BOSTONA regimen of concurrent radiation and weekly administration of paclitaxel(Drug information on paclitaxel) (Taxol)/carboplatin (Paraplatin), the most commonly used treatment for nonresectable nonsmall-cell lung cancer (NSCLC), was evaluated in a national cooperative group trial and shown to be effective.
As was reported at the ASCO meeting, Cancer and Leukemia Group B (CALGB) study 9534 evaluated the use of this regimen after induction chemotherapy with paclitaxel plus carboplatin(Drug information on carboplatin).
An earlier series of similar studies conducted at Brown University showed this regimen to be effective. Investigators sought to determine if this approach could be conducted by a cooperative group, to validate the regimens feasibility and activity in NSCLC.
The study was a success in the sense that CALGB 9534 accomplished its planned objectives, noted Wallace Akerley, MD, chief of oncology at Boston University Medical Center, and formerly of Brown University Oncology Group. Even though cooperative studies often include less healthy patients, the results were exactly the same as in the Brown series.
Encouraging Survival Curve
Forty-one patients with stage IIIA and IIIB NSCLC received two cycles of induction chemotherapy with paclitaxel 200 mg/m² and carboplatin AUC 6 every 3 weeks. Concurrent chemoradiation consisting of weekly paclitaxel (50 mg/m² over 1 hour), weekly carboplatin (AUC 2), and thoracic radiation (2 Gy/day for a total of 66 Gy) was given over 7 weeks.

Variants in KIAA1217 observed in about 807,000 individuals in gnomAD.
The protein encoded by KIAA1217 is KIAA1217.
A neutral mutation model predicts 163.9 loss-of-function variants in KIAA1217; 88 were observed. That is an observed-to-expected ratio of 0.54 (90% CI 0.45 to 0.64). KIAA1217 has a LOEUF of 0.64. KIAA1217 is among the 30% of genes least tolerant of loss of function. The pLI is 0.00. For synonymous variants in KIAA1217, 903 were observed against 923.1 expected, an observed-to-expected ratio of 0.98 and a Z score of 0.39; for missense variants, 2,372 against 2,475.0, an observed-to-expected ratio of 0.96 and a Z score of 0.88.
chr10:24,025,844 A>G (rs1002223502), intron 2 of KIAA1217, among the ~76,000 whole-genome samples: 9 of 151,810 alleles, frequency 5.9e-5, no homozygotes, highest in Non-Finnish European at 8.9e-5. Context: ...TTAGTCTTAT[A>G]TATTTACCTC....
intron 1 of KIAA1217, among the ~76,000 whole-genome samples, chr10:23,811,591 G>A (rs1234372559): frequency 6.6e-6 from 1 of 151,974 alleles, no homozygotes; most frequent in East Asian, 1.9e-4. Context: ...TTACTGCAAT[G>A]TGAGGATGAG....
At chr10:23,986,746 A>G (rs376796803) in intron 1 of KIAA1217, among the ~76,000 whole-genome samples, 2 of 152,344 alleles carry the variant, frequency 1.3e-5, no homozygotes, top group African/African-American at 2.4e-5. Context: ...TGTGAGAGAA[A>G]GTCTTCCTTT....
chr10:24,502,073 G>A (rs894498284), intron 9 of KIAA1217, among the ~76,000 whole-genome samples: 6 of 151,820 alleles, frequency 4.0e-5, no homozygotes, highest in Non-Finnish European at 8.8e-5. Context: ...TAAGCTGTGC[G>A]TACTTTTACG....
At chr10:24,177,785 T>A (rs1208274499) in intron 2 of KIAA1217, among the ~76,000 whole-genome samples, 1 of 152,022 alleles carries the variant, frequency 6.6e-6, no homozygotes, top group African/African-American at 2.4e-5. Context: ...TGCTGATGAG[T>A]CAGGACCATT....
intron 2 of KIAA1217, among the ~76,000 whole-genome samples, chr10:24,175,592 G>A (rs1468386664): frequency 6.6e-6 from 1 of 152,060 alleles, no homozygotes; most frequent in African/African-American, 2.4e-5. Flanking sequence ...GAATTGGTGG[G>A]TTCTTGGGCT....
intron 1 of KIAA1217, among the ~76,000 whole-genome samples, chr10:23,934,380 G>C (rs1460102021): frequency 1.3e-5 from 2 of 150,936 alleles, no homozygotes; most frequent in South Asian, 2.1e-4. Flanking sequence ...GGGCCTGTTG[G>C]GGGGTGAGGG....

The response rate for the induction phase was 24% (all partial responses) and the induction/ concurrent phase response rate was 56% (including 7% complete responses).
Median survival was 14 months, and failure-free survival was 7.7 months. The 1-year and 2-year survival estimates were 56% and 43%, respectively, he reported.
Dr. Akerley was very encouraged by the survival curve, but noted that a wide margin of error exists. Two-year survivals historically average about 20% to 30%, he said, and we are in the 40% range here. Since the goal of combined-modality therapy is cure, these long-term survival estimates are of greater significance.
Equally important, the regimen produced modest toxicities compared to older regimens, Dr. Akerley noted. Of particular significance was the lack of grade 4 vomiting. The major toxicity, primarily grade 3-4 esophagitis, which occurred in 35% of patients during the concurrent phase, certainly will decrease to less than 20% when translated into the new common toxicity criteria.
In addition, grade 3-4 neutropenia developed in 34% of patients. Grade 3-4 pulmonary toxicity was observed in one patient, but three patients developed grade 3 infections.
As a result of the CALGB 9534 findings, induction chemotherapy followed by concurrent chemoradiation will be compared to concurrent chemoradiation alone in the ongoing CALGB 39801, a phase III trial that has already enrolled more than 100 patients.